WI judge sides again with home bakers on sale of baked goods
A Wisconsin judge has ruled again in favor of home bakers, clarifying that state officials must allow the sale of homemade baked goods regardless of whether they use traditional flour.
Lafayette County Judge Duane Jorgenson first ruled in 2017 that state restrictions on the sale of homemade breads, cookies and other shelf-stable baked goods were unconstitutional and primarily served business interests instead of public health concerns.
But the case’s original plaintiffs, three farmers and home bakers, filed a motion with the court earlier this year, arguing the way the state Department of Agriculture, Trade and Consumer Protection had interpreted that ruling places unfair limits on at-home producers.
DATCP’s guidance said the licensing exemption under the original lawsuit "applies only to flour-based 'baked goods'" as indirectly defined in the state's legal definition of a "bakery." That definition is any place that makes "bread, crackers, pasta or pies, or any other food product for which flour or meal is the principal ingredient."
During a hearing Thursday, Jorgenson agreed with the home bakers that his original ruling applied to all shelf-stable baked goods and DATCP’s flour-based guidance did not follow that ruling.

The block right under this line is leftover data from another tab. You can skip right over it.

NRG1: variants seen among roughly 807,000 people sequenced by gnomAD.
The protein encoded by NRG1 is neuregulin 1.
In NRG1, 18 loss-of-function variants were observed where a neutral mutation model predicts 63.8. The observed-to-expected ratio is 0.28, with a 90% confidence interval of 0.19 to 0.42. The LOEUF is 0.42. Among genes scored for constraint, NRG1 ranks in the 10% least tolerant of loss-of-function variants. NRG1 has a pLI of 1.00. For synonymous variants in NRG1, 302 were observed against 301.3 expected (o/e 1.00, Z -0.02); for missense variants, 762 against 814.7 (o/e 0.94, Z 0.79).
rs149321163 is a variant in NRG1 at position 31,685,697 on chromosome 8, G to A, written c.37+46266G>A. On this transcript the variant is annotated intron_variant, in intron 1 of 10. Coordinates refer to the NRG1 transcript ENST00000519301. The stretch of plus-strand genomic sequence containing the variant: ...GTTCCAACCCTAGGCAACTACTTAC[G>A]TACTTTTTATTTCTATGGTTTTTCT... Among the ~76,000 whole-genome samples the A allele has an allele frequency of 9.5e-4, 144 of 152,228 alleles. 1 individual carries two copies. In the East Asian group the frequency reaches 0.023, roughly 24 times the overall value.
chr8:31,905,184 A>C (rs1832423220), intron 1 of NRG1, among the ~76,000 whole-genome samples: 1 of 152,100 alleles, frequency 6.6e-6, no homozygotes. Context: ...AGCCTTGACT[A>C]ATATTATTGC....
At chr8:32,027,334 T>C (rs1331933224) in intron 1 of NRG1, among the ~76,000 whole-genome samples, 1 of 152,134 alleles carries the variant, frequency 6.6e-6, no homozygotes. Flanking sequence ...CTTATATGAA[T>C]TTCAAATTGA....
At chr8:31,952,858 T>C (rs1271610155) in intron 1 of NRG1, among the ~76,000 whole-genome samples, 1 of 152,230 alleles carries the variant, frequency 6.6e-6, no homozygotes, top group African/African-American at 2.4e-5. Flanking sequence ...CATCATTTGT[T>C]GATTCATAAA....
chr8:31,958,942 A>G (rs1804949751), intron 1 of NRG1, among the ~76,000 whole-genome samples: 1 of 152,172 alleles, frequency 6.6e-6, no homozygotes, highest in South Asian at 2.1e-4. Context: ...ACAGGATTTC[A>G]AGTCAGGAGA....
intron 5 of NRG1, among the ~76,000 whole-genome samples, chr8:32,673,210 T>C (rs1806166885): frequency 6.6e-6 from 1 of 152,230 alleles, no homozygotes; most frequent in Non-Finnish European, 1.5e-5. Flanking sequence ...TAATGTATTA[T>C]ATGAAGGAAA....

"There's nothing magical about flour. If it's safe and shelf-stable, and you make it in your home, you get to sell it," said Suranjan Sen, an attorney with the Institute for Justice who was representing the home bakers. "People throughout Wisconsin now can sell these goods that they've had a right to sell for years and the government had been abridging that right without any kind of base or justification."
Sen said he’ll be working with DATCP’s lawyers on an order clarifying the judge’s decision over the next few days. But he said home bakers can immediately begin selling their flourless shelf-stable items.
Dela Ends, one of the plaintiffs in the lawsuit, said the decision is a relief to bakers across Wisconsin who are trying to earn money from their home kitchens.
"This has been a really rough year we’ve come through and this ruling helps us, helps people to survive," Ends said. "I’ve heard of bakers who had to actually close their store but were able to still sell their product because of the help that Institute for Justice has given us."
The state’s previous flour-based restrictions hit home for Ends because her daughter has Celiac disease, an immune reaction to gluten.
She said many gluten-free products sold in grocery stores fall short of being a good alternative to flour-based items, creating the perfect market opportunity for home bakers like herself.
"Our products are always really fresh when they get to customers and so many people need gluten-free products now," Ends said.
Ends is also a plaintiff in a second lawsuit against DATCP filed by the Institute for Justice earlier this year. That lawsuit asks the court to strike down what they say is an arbitrary ban on selling other shelf-stable food items made at home like candies, donuts and roasted coffee beans. A hearing on that lawsuit is scheduled for June 3 in Lafayette County Court.
A DATCP spokesperson said the agency is still reviewing the outcome of Thursday’s hearing and will make necessary changes to their public guidance when appropriate.
This article republished with permission from Wisconsin Public Radio.